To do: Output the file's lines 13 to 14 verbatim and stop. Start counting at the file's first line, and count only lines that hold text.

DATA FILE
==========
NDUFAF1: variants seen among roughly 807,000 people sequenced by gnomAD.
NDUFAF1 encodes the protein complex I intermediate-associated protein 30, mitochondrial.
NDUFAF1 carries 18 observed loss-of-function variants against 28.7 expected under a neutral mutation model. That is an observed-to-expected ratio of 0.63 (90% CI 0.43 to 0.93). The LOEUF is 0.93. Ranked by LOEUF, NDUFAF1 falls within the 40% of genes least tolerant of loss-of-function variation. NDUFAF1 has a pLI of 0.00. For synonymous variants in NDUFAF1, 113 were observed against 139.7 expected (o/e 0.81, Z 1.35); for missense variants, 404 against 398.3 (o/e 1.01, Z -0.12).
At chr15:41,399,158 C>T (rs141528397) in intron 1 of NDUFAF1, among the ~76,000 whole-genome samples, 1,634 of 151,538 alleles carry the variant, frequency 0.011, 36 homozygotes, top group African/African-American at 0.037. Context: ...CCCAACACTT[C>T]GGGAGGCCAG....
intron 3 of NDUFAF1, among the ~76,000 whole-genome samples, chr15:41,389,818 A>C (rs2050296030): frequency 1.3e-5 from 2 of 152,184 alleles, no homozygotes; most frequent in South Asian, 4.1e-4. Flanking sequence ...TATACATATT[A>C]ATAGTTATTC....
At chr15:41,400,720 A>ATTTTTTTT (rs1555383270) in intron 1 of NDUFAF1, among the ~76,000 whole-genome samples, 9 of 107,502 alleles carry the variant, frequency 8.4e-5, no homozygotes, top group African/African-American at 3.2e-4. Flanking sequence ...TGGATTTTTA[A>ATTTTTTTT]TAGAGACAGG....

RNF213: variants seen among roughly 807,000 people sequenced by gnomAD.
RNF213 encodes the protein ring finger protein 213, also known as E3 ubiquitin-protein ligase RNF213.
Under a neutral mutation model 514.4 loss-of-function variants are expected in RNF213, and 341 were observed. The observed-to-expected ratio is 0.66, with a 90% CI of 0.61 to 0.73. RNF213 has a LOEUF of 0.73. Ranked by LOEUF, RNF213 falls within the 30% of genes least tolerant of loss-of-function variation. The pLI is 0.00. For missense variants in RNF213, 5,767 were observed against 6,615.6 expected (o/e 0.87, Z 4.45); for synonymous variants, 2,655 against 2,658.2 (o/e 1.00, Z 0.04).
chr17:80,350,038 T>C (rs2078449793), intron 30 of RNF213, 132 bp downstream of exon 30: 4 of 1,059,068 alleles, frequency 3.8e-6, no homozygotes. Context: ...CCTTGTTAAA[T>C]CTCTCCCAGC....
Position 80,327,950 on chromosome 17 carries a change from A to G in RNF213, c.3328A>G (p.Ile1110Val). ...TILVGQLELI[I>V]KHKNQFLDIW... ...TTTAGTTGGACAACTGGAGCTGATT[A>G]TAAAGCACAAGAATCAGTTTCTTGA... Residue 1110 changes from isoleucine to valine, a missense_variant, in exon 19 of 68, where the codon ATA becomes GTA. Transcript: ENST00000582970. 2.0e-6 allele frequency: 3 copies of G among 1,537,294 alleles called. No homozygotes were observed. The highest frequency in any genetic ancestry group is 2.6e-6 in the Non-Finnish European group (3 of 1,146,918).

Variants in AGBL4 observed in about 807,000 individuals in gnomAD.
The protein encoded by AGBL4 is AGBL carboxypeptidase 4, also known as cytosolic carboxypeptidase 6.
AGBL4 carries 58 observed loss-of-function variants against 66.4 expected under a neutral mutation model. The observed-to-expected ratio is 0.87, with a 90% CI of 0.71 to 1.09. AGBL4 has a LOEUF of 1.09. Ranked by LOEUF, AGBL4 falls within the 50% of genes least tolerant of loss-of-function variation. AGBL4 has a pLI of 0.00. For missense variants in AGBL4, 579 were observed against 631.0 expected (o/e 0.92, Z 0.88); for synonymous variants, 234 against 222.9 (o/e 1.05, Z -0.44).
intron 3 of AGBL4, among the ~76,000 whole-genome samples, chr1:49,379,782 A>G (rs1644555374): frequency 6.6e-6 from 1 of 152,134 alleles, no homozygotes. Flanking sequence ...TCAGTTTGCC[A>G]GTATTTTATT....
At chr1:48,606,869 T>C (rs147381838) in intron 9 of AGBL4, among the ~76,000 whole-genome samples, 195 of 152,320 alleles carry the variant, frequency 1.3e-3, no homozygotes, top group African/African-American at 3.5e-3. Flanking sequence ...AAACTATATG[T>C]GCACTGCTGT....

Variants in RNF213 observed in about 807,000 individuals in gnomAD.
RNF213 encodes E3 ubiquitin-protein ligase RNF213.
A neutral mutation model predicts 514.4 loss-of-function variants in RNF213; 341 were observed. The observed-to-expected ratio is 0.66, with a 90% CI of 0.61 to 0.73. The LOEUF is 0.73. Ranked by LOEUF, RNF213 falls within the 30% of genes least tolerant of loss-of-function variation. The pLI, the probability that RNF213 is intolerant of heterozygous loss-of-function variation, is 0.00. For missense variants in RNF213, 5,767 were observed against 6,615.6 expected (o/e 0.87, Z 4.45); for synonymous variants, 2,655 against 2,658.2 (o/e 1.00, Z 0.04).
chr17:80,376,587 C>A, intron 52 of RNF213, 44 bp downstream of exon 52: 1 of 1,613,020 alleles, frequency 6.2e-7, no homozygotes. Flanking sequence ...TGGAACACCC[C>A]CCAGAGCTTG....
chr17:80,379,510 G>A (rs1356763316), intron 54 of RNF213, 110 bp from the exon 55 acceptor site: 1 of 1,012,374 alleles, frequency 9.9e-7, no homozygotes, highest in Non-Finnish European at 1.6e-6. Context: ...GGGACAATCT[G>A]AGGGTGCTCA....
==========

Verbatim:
The protein encoded by AGBL4 is AGBL carboxypeptidase 4, also known as cytosolic carboxypeptidase 6.
AGBL4 carries 58 observed loss-of-function variants against 66.4 expected under a neutral mutation model. The observed-to-expected ratio is 0.87, with a 90% CI of 0.71 to 1.09. AGBL4 has a LOEUF of 1.09. Ranked by LOEUF, AGBL4 falls within the 50% of genes least tolerant of loss-of-function variation. AGBL4 has a pLI of 0.00. For missense variants in AGBL4, 579 were observed against 631.0 expected (o/e 0.92, Z 0.88); for synonymous variants, 234 against 222.9 (o/e 1.05, Z -0.44).